However, Gordon says teachers and student families need to be trained on using the technology, and once these families no longer have a CMSD student, they’ll need to give the equipment back.


But it’s an immediate solution that school districts across the country are racing to achieve as schools reopen for the fall.


Chicago Public Schools (CPS), for example, recently announced a $50 million program to bring free internet access to 100,000 CPS students over the next four years (funded by the likes of philanthropists and Michelle and Barack Obama).


Likewise, the Cleveland Foundation and Cuyahoga County recently announced a $4 million program, in partnership with T-Mobile, to provide 10,000 computers and 7,500 Wi-Fi hotspots to student families.


Catherine Tkachyk, chief innovation officer for Cuyahoga County, says the hotspots will be rolled out to families at school districts across the Greater Cleveland area, while the county is working with non-profit PCs for People to provide 10,000 devices before school starts.


Spanning the digital divide

Gordon says it’s important to keep in mind that Cleveland’s issues with internet access are not limited to the realm of K-12 education.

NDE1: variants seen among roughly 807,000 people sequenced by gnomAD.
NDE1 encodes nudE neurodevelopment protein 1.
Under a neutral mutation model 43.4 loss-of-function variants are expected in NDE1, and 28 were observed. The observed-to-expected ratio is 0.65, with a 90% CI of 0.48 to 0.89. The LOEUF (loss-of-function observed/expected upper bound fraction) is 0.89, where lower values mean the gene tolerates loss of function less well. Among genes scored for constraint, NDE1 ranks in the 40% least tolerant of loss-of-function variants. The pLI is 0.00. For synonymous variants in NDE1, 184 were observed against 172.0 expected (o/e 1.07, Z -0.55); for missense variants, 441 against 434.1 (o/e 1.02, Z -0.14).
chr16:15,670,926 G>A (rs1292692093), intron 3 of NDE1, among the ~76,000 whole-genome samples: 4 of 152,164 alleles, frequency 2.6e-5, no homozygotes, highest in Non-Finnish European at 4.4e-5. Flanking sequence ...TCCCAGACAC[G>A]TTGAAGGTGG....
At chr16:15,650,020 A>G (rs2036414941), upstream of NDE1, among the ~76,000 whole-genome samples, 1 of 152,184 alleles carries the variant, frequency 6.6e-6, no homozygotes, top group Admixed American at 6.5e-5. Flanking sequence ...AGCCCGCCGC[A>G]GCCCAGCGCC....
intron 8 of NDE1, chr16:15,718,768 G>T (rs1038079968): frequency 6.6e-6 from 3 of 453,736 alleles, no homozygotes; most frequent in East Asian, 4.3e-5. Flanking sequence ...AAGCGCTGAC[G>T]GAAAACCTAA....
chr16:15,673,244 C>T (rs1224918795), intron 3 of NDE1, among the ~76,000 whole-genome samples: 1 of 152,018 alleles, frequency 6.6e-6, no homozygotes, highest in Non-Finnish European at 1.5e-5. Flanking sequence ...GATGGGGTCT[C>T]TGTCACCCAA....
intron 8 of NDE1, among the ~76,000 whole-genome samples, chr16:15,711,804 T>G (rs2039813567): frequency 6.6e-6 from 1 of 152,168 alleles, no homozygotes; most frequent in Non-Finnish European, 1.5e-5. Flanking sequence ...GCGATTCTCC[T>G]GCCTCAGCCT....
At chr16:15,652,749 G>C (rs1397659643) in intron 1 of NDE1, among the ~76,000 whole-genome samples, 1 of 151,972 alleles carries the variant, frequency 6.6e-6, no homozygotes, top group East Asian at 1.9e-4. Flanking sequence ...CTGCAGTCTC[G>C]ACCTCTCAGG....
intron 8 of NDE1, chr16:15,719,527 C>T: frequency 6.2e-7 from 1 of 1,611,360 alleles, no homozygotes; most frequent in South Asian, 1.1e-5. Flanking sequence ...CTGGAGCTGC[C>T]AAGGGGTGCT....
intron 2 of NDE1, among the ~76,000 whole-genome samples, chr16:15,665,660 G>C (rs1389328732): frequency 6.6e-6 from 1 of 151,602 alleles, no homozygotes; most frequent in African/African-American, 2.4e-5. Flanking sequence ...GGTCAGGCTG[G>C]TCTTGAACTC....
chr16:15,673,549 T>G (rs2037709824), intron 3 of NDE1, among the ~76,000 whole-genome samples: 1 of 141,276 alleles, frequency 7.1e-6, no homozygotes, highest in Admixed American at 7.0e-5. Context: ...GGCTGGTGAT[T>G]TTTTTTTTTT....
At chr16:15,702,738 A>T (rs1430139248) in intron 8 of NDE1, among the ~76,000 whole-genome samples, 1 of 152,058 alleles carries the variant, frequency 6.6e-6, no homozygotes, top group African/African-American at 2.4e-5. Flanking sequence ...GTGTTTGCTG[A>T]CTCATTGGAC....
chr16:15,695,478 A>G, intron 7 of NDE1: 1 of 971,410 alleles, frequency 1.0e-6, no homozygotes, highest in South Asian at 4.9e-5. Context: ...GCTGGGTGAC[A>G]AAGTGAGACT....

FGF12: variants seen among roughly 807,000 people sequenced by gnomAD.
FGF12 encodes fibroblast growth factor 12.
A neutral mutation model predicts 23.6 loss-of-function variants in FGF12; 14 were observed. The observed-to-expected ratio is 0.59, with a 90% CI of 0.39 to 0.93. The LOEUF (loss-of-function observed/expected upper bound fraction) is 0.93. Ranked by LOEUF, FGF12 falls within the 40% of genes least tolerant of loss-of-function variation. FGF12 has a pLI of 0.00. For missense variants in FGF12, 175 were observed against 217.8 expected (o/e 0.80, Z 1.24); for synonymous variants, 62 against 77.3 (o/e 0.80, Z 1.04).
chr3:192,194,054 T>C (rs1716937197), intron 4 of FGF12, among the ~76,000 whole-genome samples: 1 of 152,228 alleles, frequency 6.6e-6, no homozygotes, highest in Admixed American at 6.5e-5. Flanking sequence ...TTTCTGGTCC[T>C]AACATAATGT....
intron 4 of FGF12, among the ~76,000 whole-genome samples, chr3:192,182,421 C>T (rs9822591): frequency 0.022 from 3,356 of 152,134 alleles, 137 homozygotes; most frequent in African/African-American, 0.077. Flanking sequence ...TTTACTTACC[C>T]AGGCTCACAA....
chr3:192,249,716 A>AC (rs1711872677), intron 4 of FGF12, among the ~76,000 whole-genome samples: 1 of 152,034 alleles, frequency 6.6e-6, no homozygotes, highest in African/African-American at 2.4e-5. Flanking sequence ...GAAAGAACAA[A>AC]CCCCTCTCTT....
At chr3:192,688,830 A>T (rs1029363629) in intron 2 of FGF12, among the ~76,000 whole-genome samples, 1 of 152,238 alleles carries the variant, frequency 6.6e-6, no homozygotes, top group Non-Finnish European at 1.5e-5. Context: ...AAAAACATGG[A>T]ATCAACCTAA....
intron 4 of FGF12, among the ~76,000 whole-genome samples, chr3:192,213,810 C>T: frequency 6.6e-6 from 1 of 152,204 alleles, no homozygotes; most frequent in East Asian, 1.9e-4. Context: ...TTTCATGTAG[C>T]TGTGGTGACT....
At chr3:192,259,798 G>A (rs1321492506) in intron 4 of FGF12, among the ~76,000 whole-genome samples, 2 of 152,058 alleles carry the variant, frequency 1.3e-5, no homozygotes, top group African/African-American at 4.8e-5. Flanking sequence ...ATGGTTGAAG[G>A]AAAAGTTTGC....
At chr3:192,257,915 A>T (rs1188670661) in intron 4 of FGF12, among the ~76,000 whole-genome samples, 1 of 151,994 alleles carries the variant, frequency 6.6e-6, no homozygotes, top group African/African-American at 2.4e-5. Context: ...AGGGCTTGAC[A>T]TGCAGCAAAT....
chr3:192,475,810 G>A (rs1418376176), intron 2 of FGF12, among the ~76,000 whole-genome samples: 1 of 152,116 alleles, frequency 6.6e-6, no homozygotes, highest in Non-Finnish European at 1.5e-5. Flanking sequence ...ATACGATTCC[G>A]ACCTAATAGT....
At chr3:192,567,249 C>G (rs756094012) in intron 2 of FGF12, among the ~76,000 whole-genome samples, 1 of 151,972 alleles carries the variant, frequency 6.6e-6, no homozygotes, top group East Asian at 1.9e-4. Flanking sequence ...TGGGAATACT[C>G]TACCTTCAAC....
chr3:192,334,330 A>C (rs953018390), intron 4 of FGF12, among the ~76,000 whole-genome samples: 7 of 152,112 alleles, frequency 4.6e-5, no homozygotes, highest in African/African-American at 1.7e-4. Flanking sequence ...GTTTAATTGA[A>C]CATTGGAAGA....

“When we shut down in Ohio, we told people, ‘go home, stay at home, apply for unemployment online, apply for jobs online, go to school online, go to your doctor online,’” explains Gordon. “This is not [just] a school problem, this is a problem of the internet not being a public utility in this country.”


Jovanti Ramirez, a student at CMSD who has a summer internship with PCs for People, works to sort mice and other devices out of a bin in their warehouse.If the Internet were treated like a utility like water or electricity—funded by taxes and protected by further regulations—there wouldn’t be such a problem with a lack of access, advocates like Gordon argue.


CMSD responded to the issue by becoming an anchor for an innovative project that could change the landscape of Cleveland’s digital divide.


Announced earlier this year, CMSD hired Cleveland nonprofit DigitalC to extend high-speed internet services to thousands of CMSD families, targeting parts of the city where the digital divide is the worst.